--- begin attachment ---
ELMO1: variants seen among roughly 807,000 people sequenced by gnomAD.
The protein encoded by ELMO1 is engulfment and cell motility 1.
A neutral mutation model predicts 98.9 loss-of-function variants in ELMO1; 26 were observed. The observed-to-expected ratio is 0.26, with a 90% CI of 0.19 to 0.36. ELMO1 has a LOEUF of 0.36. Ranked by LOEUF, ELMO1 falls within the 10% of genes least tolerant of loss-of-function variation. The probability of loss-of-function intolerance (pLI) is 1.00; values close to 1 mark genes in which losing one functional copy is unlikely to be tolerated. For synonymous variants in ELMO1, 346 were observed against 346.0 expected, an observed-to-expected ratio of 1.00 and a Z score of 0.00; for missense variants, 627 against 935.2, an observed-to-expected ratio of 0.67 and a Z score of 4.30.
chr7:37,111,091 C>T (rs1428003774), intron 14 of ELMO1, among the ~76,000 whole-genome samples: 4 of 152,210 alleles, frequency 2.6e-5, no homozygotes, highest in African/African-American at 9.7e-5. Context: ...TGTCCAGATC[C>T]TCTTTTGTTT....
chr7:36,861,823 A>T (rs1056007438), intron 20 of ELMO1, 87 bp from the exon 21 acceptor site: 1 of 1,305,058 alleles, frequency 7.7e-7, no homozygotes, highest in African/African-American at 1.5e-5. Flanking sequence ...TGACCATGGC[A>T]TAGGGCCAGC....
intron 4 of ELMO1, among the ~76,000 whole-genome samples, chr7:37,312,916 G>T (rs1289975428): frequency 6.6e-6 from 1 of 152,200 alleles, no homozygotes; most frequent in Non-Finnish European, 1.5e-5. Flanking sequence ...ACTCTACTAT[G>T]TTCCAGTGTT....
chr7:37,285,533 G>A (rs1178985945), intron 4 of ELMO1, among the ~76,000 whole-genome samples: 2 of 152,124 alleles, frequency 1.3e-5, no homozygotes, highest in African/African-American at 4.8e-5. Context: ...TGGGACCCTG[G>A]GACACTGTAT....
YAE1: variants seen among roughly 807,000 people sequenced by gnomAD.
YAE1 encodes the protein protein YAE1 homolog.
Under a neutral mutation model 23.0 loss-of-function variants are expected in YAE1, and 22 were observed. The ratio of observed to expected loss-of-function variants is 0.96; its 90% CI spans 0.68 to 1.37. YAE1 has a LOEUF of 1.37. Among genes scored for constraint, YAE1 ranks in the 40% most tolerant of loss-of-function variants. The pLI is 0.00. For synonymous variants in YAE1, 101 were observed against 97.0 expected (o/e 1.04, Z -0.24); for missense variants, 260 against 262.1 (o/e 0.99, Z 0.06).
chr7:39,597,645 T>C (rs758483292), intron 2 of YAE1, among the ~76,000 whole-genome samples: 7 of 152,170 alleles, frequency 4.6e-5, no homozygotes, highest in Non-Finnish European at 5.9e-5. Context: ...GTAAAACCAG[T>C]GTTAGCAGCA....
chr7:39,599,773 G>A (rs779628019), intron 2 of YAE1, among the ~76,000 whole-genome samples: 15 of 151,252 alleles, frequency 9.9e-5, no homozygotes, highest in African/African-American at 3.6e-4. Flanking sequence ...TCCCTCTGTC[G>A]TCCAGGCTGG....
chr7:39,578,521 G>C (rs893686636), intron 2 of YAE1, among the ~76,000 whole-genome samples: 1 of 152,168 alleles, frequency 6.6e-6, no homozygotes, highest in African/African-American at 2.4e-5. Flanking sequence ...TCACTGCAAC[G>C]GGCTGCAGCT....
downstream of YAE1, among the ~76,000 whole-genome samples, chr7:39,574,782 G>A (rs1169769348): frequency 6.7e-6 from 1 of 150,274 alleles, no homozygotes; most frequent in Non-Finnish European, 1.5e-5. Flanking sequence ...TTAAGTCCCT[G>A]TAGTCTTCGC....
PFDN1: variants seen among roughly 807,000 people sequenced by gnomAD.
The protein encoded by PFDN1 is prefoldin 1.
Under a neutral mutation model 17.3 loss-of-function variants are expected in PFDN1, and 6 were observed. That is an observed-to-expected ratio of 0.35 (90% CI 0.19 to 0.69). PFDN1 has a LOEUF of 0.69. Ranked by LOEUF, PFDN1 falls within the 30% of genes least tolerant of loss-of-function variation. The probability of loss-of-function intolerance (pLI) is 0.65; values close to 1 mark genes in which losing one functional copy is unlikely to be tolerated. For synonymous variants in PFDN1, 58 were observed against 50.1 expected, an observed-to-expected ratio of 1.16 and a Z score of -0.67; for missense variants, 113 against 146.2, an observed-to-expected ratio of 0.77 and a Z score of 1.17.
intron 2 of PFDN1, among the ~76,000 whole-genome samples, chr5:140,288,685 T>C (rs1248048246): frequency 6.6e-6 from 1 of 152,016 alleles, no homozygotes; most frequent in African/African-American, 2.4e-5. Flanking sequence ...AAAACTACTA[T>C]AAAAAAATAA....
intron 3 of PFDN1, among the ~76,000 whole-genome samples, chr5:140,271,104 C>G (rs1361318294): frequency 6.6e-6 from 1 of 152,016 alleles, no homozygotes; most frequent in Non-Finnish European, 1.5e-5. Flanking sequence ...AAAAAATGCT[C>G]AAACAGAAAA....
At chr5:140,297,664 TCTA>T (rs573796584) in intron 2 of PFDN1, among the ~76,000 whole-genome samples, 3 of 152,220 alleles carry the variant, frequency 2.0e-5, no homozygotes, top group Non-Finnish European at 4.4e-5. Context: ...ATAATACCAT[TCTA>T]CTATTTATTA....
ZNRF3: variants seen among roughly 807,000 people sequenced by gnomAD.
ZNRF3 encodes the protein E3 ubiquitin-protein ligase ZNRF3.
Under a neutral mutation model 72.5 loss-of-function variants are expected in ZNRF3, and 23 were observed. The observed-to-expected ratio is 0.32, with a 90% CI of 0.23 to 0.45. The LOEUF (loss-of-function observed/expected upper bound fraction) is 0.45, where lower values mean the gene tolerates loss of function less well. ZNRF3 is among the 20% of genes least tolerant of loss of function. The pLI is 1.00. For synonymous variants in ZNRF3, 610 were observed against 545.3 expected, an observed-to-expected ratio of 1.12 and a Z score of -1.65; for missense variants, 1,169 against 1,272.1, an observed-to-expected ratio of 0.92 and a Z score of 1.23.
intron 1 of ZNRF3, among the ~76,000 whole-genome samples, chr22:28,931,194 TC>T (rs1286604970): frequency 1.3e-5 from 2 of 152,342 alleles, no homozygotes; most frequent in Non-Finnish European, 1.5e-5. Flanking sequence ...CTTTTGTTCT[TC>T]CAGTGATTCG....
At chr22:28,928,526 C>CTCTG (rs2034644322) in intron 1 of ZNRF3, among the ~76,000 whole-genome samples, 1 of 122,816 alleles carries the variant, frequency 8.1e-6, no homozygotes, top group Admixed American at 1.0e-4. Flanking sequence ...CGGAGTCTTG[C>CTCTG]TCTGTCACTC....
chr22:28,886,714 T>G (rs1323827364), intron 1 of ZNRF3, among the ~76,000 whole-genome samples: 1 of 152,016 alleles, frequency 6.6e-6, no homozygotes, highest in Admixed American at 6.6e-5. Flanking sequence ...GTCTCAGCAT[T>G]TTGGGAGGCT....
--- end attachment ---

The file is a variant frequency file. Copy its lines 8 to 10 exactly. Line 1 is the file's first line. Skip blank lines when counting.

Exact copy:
YAE1: variants seen among roughly 807,000 people sequenced by gnomAD.
YAE1 encodes the protein protein YAE1 homolog.
Under a neutral mutation model 23.0 loss-of-function variants are expected in YAE1, and 22 were observed. The ratio of observed to expected loss-of-function variants is 0.96; its 90% CI spans 0.68 to 1.37. YAE1 has a LOEUF of 1.37. Among genes scored for constraint, YAE1 ranks in the 40% most tolerant of loss-of-function variants. The pLI is 0.00. For synonymous variants in YAE1, 101 were observed against 97.0 expected (o/e 1.04, Z -0.24); for missense variants, 260 against 262.1 (o/e 0.99, Z 0.06).